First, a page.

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A divorce is considered “contested” when spouses cannot reach an agreement on all issues when terminating their marriage. Some of the most common issues that couples typically face, even with the assistance of their attorney, are:
- Child Custody and Support
- Alimony: encompasses money or other property paid by one party to the other to support the other spouse after a separation or divorce.
- Visitation Rights
- Spousal Support
- Asset and Property Division: including your home, retirement accounts, bank accounts, investment accounts, possessions, businesses, insurance policies, cars, etc.
- Debt Allocation: including your student loans, credit card debts, car loans, mortgage debt, etc.
When spouses cannot arrive at an agreement they must let a court decide whatever their dispute is.
Uncontested or “simple” divorces occur when both parties agree on all issues required to terminate their marriage without quarreling in front of a judge or third party in court. If both parties agree on most issues, but not all, then the divorce becomes a “contested” divorce since someone has to arbiter over any unresolved issues before a resolution can be achieved. The instrument used to collect all decisions made is known as your “Marital Settlement Agreement”. The agreement will spell out all the terms of the divorce and usually cover property division, child custody, visitation schedules, debt division, spousal support and alimony, and any other relevant issues related to the divorce.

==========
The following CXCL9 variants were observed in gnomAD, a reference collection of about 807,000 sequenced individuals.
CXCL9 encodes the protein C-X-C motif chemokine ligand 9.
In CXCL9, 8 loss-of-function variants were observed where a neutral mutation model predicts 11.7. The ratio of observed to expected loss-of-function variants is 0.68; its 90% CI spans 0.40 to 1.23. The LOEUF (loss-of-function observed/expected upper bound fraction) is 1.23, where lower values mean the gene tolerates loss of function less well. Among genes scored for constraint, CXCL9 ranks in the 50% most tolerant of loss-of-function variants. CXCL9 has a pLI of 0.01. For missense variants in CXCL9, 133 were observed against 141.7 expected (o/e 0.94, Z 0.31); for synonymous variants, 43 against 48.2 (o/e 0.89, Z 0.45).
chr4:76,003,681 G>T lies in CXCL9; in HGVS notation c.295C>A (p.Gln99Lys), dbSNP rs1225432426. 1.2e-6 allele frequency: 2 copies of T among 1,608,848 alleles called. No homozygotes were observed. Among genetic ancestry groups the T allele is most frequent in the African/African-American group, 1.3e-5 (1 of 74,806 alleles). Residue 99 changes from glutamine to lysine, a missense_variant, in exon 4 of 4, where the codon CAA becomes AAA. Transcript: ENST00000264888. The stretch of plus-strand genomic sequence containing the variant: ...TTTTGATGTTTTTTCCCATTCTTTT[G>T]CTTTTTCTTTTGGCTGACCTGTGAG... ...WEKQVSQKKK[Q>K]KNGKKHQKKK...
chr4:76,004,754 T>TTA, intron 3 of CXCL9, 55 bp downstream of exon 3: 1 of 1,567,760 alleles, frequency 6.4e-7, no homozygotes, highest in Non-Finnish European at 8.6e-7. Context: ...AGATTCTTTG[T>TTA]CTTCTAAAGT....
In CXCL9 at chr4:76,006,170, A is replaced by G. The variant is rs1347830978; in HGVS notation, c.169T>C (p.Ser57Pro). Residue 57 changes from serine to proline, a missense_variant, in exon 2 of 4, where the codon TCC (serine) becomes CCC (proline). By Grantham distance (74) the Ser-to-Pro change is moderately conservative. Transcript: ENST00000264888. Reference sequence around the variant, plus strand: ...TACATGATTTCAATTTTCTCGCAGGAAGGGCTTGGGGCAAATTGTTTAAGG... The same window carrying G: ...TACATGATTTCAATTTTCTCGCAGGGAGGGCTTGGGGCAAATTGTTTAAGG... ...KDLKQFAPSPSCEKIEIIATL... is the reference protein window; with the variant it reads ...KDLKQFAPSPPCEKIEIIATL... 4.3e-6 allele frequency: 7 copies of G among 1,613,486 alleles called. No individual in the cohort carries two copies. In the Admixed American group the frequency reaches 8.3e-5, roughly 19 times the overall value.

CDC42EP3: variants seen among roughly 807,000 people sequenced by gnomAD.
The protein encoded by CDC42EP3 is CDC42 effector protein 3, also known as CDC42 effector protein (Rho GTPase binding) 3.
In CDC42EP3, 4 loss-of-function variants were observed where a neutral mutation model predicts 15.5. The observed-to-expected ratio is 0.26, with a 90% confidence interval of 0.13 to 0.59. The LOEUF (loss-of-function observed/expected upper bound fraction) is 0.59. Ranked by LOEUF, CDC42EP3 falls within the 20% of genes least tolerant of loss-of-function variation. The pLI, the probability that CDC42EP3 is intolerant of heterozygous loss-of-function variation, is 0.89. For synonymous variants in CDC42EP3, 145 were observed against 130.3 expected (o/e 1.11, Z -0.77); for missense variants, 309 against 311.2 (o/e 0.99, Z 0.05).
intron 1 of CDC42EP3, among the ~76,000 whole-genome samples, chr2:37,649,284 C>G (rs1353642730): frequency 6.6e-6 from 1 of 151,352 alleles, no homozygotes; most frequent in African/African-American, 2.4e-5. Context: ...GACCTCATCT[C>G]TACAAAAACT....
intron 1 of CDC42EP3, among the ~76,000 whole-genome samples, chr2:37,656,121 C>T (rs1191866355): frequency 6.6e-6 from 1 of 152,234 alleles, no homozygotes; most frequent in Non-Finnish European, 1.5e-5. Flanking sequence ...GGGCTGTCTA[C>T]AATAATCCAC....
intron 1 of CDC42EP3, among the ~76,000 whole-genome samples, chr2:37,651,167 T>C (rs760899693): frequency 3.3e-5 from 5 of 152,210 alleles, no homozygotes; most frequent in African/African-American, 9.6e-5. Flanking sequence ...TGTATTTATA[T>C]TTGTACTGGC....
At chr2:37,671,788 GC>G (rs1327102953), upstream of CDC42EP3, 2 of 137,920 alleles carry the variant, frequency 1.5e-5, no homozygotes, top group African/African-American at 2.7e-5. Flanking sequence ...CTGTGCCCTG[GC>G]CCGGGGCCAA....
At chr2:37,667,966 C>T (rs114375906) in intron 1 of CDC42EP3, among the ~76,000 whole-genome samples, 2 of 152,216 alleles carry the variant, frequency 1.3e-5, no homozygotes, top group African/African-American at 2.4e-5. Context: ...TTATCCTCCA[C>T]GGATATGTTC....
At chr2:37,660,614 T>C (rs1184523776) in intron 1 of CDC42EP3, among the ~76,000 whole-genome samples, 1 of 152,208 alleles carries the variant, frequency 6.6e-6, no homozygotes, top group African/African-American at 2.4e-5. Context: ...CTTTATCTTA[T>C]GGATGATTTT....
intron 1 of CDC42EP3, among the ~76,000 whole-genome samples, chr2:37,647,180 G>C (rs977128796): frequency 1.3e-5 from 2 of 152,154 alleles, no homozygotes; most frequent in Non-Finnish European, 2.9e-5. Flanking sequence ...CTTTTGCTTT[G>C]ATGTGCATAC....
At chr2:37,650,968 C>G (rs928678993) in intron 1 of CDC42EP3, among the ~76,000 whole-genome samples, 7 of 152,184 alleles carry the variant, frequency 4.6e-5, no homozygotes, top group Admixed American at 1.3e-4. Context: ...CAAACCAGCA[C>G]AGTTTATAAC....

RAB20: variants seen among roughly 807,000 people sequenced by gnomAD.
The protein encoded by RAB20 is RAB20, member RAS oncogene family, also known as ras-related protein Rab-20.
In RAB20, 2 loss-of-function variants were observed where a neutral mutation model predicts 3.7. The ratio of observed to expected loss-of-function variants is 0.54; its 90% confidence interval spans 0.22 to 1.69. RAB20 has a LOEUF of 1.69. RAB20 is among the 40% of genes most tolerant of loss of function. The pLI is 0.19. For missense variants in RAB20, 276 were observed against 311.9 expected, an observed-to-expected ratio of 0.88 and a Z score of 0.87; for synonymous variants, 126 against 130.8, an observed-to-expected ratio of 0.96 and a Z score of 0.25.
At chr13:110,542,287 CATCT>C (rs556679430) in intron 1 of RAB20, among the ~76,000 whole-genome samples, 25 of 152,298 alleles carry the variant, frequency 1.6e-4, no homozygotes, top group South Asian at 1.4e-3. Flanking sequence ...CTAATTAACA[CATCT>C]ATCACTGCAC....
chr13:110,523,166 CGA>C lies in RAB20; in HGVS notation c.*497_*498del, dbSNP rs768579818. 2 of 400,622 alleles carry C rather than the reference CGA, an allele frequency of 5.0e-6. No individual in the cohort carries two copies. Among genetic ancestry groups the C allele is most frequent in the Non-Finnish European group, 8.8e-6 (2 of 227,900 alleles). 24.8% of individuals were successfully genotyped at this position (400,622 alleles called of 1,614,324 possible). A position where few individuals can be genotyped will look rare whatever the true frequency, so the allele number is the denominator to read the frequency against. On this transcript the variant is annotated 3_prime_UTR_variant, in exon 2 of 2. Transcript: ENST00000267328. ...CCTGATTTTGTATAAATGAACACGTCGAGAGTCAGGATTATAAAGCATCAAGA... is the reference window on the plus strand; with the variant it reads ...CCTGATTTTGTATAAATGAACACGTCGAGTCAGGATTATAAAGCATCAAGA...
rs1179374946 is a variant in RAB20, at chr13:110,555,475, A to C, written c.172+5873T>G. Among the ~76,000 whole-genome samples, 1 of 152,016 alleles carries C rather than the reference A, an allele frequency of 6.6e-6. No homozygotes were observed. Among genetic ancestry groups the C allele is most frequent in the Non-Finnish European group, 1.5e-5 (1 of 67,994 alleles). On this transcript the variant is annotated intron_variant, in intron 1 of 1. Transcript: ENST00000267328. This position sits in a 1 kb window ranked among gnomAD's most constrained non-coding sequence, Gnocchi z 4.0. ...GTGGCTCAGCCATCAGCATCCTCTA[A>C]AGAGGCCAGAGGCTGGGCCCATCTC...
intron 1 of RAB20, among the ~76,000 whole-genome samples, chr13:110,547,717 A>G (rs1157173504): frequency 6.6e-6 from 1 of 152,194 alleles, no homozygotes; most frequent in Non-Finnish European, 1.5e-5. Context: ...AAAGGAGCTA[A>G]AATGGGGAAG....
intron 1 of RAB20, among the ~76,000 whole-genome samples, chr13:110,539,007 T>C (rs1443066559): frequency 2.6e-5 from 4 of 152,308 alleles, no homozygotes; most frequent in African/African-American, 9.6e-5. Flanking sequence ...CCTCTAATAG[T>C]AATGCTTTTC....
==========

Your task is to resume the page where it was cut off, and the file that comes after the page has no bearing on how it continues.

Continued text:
With an uncontested divorce both spouses will need to attend one hearing in front of a judge to receive their Final Judgment of Divorce decree, but this hearing is typically quick since both parties have already reached an agreement.
People usually prefer an uncontested divorce since it is usually quicker, less expensive, and less painful for all involved.
There is a third type of a divorce is called a divorce by publication. A divorce by publication is allowed in the State of Florida and it is typically used when one of the spouses cannot be located. The absent spouse is served notice of the divorce by publication in a newspaper of general circulation in the county where the action is taking place. The court can also require that the plaintiff attempt to serve their spouse with the divorce documents at their last known address, even if it is out-of-state or international. After the notice runs for ninety (90) days, the plaintiff can obtain a divorce by default judgment if the other spouse fails to respond.